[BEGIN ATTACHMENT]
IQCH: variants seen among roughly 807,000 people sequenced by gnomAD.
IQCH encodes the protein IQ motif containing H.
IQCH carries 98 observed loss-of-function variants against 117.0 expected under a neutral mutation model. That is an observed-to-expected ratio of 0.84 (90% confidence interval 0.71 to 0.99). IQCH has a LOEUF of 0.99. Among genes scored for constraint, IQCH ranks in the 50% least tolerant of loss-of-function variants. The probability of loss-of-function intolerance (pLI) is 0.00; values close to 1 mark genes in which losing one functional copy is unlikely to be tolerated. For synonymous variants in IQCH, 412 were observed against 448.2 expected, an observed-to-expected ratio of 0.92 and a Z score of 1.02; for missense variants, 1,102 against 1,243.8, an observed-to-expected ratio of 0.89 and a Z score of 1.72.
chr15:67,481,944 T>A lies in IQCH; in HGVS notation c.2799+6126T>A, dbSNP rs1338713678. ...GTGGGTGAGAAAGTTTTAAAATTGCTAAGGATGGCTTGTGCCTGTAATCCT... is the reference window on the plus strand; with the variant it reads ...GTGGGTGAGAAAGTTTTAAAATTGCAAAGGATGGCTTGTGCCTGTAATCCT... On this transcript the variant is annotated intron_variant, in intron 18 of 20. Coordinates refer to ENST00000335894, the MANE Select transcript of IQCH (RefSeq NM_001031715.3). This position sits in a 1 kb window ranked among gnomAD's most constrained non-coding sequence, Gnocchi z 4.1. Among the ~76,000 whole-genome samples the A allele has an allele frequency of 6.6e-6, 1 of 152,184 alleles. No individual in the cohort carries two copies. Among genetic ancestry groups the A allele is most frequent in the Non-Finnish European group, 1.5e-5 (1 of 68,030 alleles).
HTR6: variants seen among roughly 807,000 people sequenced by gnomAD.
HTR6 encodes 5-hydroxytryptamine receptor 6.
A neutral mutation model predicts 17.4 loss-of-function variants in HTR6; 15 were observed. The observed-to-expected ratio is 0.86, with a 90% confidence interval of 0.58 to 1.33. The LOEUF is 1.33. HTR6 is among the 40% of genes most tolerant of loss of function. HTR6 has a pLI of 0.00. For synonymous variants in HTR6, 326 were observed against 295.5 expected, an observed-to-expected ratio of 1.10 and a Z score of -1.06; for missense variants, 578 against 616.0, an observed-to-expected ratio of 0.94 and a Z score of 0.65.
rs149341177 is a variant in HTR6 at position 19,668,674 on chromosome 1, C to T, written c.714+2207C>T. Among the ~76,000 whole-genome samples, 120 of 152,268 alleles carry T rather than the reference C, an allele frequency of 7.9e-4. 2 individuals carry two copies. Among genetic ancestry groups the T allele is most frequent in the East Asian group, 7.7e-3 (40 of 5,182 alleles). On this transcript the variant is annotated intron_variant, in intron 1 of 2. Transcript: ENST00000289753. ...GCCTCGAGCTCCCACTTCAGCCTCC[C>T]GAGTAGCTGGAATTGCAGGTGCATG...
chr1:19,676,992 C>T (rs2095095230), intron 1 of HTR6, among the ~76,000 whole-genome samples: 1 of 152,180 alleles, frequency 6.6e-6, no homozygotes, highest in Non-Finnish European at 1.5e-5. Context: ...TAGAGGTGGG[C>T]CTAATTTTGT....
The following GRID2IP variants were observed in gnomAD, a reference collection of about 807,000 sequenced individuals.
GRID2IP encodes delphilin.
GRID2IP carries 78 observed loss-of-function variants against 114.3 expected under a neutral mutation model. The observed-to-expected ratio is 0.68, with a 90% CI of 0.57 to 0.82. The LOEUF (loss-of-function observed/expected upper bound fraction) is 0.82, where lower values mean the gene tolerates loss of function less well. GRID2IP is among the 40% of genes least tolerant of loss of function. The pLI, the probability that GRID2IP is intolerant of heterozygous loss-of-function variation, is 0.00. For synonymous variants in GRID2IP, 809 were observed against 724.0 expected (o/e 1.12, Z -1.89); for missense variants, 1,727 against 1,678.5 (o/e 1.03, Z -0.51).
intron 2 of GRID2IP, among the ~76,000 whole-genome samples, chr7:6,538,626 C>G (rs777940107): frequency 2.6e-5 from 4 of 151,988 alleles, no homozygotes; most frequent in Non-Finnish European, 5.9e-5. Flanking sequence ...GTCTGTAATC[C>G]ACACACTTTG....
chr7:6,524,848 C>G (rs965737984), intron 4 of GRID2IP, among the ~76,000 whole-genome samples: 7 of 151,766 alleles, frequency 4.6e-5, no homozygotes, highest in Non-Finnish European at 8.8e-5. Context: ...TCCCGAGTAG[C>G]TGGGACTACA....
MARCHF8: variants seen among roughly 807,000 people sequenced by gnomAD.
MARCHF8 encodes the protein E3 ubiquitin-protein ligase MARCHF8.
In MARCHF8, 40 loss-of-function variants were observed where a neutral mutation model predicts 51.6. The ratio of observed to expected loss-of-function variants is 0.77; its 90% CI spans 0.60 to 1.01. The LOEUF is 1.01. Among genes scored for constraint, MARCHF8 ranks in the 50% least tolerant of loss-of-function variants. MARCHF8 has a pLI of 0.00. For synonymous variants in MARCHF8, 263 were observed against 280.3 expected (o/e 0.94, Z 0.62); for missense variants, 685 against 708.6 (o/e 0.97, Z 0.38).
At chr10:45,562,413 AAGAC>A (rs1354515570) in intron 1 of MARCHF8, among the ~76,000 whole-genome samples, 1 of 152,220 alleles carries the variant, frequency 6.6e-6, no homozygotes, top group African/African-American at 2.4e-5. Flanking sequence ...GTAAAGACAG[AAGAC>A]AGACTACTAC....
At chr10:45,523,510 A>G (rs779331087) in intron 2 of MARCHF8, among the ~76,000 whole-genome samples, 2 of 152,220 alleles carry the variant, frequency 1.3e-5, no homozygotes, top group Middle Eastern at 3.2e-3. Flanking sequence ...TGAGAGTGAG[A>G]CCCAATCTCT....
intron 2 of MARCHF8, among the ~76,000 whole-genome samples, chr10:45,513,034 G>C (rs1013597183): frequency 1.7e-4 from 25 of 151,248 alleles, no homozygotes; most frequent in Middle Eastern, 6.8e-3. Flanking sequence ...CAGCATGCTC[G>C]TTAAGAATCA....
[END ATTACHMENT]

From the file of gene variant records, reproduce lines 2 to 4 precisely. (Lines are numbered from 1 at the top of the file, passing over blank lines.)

IQCH encodes the protein IQ motif containing H.
IQCH carries 98 observed loss-of-function variants against 117.0 expected under a neutral mutation model. That is an observed-to-expected ratio of 0.84 (90% confidence interval 0.71 to 0.99). IQCH has a LOEUF of 0.99. Among genes scored for constraint, IQCH ranks in the 50% least tolerant of loss-of-function variants. The probability of loss-of-function intolerance (pLI) is 0.00; values close to 1 mark genes in which losing one functional copy is unlikely to be tolerated. For synonymous variants in IQCH, 412 were observed against 448.2 expected, an observed-to-expected ratio of 0.92 and a Z score of 1.02; for missense variants, 1,102 against 1,243.8, an observed-to-expected ratio of 0.89 and a Z score of 1.72.
chr15:67,481,944 T>A lies in IQCH; in HGVS notation c.2799+6126T>A, dbSNP rs1338713678. ...GTGGGTGAGAAAGTTTTAAAATTGCTAAGGATGGCTTGTGCCTGTAATCCT... is the reference window on the plus strand; with the variant it reads ...GTGGGTGAGAAAGTTTTAAAATTGCAAAGGATGGCTTGTGCCTGTAATCCT... On this transcript the variant is annotated intron_variant, in intron 18 of 20. Coordinates refer to ENST00000335894, the MANE Select transcript of IQCH (RefSeq NM_001031715.3). This position sits in a 1 kb window ranked among gnomAD's most constrained non-coding sequence, Gnocchi z 4.1. Among the ~76,000 whole-genome samples the A allele has an allele frequency of 6.6e-6, 1 of 152,184 alleles. No individual in the cohort carries two copies. Among genetic ancestry groups the A allele is most frequent in the Non-Finnish European group, 1.5e-5 (1 of 68,030 alleles).